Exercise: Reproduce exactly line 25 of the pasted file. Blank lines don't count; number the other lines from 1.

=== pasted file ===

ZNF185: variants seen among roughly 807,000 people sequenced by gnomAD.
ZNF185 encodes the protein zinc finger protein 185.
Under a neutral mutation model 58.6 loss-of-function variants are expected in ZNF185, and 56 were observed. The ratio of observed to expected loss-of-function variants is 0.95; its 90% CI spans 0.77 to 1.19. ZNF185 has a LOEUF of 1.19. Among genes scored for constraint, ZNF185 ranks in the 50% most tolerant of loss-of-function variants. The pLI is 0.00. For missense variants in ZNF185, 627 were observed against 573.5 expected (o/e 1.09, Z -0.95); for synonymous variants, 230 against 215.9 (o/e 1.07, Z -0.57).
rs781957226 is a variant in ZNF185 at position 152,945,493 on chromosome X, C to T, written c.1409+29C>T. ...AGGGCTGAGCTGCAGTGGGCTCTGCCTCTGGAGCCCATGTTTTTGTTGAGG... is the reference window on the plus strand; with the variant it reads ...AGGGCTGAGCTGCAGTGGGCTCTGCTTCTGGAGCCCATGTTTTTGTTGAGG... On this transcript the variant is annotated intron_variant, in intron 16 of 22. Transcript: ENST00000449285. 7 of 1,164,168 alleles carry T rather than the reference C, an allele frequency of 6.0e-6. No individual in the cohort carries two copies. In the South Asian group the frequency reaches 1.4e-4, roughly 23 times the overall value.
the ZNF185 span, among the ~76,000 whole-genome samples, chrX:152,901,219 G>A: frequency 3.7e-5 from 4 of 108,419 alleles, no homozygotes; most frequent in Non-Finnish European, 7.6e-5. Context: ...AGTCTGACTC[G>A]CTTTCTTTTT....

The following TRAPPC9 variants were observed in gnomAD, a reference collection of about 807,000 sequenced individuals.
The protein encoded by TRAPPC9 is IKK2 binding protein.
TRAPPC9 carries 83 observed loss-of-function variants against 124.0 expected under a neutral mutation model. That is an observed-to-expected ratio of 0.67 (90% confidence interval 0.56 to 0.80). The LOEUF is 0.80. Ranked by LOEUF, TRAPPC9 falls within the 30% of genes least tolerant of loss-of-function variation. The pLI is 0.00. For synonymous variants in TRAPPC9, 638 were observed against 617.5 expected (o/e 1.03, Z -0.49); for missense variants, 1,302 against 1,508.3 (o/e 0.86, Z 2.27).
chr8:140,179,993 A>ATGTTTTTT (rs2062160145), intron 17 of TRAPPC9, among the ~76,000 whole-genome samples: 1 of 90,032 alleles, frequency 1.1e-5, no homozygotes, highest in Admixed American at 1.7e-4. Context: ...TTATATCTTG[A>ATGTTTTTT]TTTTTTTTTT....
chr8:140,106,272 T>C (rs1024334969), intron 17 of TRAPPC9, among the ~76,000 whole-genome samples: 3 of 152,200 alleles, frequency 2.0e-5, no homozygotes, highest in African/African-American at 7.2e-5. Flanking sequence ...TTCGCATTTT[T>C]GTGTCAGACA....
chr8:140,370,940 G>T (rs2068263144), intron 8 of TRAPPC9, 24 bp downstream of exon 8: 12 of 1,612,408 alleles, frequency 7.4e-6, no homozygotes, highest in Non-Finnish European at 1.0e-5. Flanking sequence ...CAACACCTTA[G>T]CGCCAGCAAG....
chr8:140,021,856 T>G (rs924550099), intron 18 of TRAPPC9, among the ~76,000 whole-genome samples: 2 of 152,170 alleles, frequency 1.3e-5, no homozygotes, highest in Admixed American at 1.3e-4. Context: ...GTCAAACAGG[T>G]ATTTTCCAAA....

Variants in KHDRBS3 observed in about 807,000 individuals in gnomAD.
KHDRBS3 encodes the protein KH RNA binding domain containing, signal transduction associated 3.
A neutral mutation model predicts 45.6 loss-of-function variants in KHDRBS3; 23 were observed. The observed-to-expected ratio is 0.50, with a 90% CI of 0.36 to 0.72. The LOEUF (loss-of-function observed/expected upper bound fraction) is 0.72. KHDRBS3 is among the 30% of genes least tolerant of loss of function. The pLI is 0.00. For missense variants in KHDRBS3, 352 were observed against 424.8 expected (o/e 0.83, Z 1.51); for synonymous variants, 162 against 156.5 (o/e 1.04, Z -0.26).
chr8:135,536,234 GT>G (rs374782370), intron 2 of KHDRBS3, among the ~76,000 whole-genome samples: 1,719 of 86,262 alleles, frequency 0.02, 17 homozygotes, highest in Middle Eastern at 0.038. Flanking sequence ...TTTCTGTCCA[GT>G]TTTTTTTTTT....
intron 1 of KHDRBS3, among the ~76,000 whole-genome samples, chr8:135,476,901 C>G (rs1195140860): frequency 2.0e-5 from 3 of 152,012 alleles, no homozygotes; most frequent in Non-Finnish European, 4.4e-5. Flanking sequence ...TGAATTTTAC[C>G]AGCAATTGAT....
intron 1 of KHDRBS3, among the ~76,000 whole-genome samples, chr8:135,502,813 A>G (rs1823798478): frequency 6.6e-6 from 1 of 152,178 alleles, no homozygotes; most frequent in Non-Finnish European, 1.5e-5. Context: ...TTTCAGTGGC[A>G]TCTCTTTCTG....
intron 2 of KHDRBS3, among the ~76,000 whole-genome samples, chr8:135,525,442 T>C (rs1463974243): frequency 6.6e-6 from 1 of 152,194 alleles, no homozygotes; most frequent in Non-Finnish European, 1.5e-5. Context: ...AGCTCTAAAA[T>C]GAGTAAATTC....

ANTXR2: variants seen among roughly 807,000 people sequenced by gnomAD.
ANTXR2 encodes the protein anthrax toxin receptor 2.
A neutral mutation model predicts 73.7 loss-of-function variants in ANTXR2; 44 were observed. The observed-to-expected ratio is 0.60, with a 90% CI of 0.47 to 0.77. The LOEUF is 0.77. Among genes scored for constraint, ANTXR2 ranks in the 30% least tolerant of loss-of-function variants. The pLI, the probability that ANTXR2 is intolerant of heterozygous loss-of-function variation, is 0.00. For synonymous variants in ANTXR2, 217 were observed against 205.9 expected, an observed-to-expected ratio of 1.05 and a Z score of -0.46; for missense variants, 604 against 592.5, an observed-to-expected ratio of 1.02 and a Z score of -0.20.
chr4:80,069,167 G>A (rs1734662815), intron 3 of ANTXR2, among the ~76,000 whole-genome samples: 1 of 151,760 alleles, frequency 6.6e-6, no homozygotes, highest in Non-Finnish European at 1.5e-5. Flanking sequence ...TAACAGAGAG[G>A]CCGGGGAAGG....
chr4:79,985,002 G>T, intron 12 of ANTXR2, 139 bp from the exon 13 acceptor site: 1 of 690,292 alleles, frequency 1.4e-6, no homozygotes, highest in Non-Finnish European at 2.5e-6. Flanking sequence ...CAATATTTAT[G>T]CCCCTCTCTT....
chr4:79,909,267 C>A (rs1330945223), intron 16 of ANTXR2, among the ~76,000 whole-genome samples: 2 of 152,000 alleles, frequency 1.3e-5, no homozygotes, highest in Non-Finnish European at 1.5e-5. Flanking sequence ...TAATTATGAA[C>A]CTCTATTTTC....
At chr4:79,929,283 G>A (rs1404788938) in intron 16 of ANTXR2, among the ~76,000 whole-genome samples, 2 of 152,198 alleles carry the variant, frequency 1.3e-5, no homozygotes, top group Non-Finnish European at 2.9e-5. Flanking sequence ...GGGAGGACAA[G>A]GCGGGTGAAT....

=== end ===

chr4:79,909,267 C>A (rs1330945223), intron 16 of ANTXR2, among the ~76,000 whole-genome samples: 2 of 152,000 alleles, frequency 1.3e-5, no homozygotes, highest in Non-Finnish European at 1.5e-5. Flanking sequence ...TAATTATGAA[C>A]CTCTATTTTC....